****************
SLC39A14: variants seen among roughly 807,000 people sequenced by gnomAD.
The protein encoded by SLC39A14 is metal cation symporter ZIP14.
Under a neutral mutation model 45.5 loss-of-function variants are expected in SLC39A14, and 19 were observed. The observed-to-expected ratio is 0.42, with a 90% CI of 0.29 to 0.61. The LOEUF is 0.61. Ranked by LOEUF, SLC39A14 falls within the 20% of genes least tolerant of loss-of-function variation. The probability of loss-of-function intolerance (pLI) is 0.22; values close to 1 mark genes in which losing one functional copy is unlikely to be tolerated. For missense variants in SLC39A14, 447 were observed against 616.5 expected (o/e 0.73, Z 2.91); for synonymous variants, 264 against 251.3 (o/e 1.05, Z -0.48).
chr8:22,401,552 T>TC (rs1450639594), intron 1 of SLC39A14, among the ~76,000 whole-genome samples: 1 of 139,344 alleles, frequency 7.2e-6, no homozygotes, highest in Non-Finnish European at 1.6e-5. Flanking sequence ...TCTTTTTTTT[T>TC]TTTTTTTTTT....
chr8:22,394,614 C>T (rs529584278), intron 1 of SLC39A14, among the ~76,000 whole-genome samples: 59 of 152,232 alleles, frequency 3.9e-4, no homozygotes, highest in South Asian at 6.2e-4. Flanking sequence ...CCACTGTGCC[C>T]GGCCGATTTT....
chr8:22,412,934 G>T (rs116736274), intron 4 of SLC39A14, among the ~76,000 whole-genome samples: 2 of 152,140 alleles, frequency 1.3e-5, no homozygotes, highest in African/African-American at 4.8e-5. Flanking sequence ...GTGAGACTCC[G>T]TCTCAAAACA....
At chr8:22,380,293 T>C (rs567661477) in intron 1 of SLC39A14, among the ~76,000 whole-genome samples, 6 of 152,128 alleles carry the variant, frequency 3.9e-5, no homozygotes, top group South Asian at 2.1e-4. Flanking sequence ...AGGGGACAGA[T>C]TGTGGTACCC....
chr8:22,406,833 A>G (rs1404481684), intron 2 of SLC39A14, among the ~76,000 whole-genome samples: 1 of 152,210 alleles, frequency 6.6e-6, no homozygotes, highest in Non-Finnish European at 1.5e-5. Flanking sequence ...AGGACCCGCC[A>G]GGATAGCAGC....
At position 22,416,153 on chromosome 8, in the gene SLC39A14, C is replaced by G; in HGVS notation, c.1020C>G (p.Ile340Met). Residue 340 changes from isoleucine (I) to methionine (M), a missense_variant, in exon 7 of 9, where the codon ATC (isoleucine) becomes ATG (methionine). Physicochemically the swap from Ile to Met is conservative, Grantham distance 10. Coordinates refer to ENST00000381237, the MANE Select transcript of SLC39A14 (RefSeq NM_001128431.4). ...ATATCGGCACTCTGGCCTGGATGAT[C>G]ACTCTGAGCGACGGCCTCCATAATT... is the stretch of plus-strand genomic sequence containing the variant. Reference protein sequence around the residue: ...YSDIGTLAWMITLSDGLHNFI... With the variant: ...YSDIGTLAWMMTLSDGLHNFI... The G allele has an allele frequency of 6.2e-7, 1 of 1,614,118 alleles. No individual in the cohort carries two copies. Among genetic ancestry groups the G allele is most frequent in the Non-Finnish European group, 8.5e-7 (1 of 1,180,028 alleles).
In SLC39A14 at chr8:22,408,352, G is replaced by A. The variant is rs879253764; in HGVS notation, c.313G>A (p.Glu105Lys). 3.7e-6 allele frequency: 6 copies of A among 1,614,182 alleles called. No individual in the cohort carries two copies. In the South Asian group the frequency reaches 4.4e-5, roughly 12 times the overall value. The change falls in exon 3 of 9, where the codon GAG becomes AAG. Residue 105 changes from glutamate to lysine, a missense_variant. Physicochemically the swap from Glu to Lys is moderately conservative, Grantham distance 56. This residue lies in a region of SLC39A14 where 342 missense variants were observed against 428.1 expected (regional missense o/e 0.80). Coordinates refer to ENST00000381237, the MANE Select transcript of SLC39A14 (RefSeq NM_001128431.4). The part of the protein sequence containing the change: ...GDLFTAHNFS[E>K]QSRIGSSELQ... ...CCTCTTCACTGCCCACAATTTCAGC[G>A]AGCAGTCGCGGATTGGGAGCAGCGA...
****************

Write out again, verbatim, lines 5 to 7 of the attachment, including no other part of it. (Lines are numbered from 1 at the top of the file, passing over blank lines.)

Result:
chr8:22,394,614 C>T (rs529584278), intron 1 of SLC39A14, among the ~76,000 whole-genome samples: 59 of 152,232 alleles, frequency 3.9e-4, no homozygotes, highest in South Asian at 6.2e-4. Flanking sequence ...CCACTGTGCC[C>T]GGCCGATTTT....
chr8:22,412,934 G>T (rs116736274), intron 4 of SLC39A14, among the ~76,000 whole-genome samples: 2 of 152,140 alleles, frequency 1.3e-5, no homozygotes, highest in African/African-American at 4.8e-5. Flanking sequence ...GTGAGACTCC[G>T]TCTCAAAACA....
At chr8:22,380,293 T>C (rs567661477) in intron 1 of SLC39A14, among the ~76,000 whole-genome samples, 6 of 152,128 alleles carry the variant, frequency 3.9e-5, no homozygotes, top group South Asian at 2.1e-4. Flanking sequence ...AGGGGACAGA[T>C]TGTGGTACCC....